Typically the white minority resides at the top of the economic rung in this racist farce of a Nation, token Native Leaders aside.

Of course it is difficult for the invader to see himself as anything other than a liberator. Despite this aberration in the history in the civilization of Man, the course will revert to the mean.
15:57 October 15, 2010 by michael4096
@Hannibal - nice sentiments - unfortunately, the truth is, most of the 19th C slaughter was done in the name of the lord by god fearing christians - many existing churches were built in celebration

It is bad history to judge people of the past by today's standards. Far better to learn from it - which we don't appear to be doing particularly well
17:00 October 15, 2010 by HANNIBAL-BARCA

While I'm not certain why you felt inclined to address me personally, I will respond succintly. The People which committed the genocide in question were "Christians" in the same way that Brass, Copper or other base elements are passed amongst the naive as Gold.

I reiterate, Africa has only suffered, exponentially, since the European has invaded and remains on the Continent.
01:05 October 16, 2010 by Prufrock2010
I, too, found this little story disturbing. It's a paean to German colonialism, imperialism and genocide. It could have been a cautionary tale instead of a celebration of slaughter in the name of Jesus and Germany. It seems to me that the Bishop still hasn't figured out what the message of God really is, assuming there is a message of God. And we wonder why we're hated throughout the African continent? How about a nice little nostalgia piece on apartheid next?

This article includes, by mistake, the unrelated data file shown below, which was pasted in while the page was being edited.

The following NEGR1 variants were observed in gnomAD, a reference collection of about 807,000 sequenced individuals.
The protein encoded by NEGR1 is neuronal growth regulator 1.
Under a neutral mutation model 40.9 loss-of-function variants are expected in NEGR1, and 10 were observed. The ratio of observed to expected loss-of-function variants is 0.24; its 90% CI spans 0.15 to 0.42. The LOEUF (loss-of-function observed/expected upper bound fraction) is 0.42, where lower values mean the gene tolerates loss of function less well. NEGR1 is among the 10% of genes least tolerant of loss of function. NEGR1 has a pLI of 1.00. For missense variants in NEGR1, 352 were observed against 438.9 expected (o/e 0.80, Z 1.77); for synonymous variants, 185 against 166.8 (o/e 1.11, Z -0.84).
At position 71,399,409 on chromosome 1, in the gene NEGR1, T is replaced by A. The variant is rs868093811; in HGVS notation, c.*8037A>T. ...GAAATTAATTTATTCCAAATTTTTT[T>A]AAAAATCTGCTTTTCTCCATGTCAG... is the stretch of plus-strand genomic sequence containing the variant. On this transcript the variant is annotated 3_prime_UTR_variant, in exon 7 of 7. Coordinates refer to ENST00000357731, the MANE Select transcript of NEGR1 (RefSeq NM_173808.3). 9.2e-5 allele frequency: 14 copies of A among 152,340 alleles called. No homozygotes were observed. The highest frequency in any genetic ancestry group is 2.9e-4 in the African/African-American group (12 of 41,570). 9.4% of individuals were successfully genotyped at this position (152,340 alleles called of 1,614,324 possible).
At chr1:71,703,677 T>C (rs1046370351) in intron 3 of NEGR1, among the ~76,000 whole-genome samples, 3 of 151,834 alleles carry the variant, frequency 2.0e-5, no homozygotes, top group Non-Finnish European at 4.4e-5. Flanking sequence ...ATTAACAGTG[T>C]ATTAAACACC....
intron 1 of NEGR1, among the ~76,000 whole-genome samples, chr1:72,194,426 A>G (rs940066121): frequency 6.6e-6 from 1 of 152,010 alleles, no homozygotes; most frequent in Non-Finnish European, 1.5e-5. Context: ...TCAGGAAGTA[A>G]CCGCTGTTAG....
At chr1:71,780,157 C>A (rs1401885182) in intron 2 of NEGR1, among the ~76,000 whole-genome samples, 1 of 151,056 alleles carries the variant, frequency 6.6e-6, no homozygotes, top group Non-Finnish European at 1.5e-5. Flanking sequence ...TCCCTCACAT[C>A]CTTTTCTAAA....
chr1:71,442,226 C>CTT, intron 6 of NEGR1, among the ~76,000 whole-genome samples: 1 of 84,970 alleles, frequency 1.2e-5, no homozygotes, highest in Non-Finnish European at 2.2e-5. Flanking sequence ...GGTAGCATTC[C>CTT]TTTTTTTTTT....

08:03 October 16, 2010 by StephenTTDuffy
I have returned to this article to see if any debate has emerged. It hasnt.

To ...

Mr Hannibal - I would state that Africa has suffered at the hands of dictators, indigenous dictators, AFTER colonialisation, as much, if not MORE, than during the colonial time. Bad government is not a race thing. Look at Congo, for Christ sake.

To ...

Mr/Ms Prufock - 'We" are not hated throughout Africa. No more than Muslims are hated in Europe. Do you hate your Turkish neighbours? I dont?

And to most of the other commentators .... who seem to be hooked on blaiming Christians for the wrongs of colonialism ... the reference to the church being finished after the fighting against the Herero is not a reference to it being a monument to the glory of the German "protection' forces (and yes, that was their official title!) There are monuments/statues in Namibia (still standing today, 20 years after the end of white rule, I should add,) to that. It is just a reference to the economic distruption that occured during the fighting, which brought construction to a temporary halt.

To everyone reading this ... go to Namibia. Have a look. Experience the place. Meet the local people. Your opinion(s) may then change. To those who have already been ... I would be interested to know what you actually do think of the staute in Swakopmund to the German dead. To those who havent ... there is a monument to the Namibian dead in the pocket of all Namibians. Its the Namibian dollar. Google its image and see.
10:06 October 16, 2010 by HANNIBAL-BARCA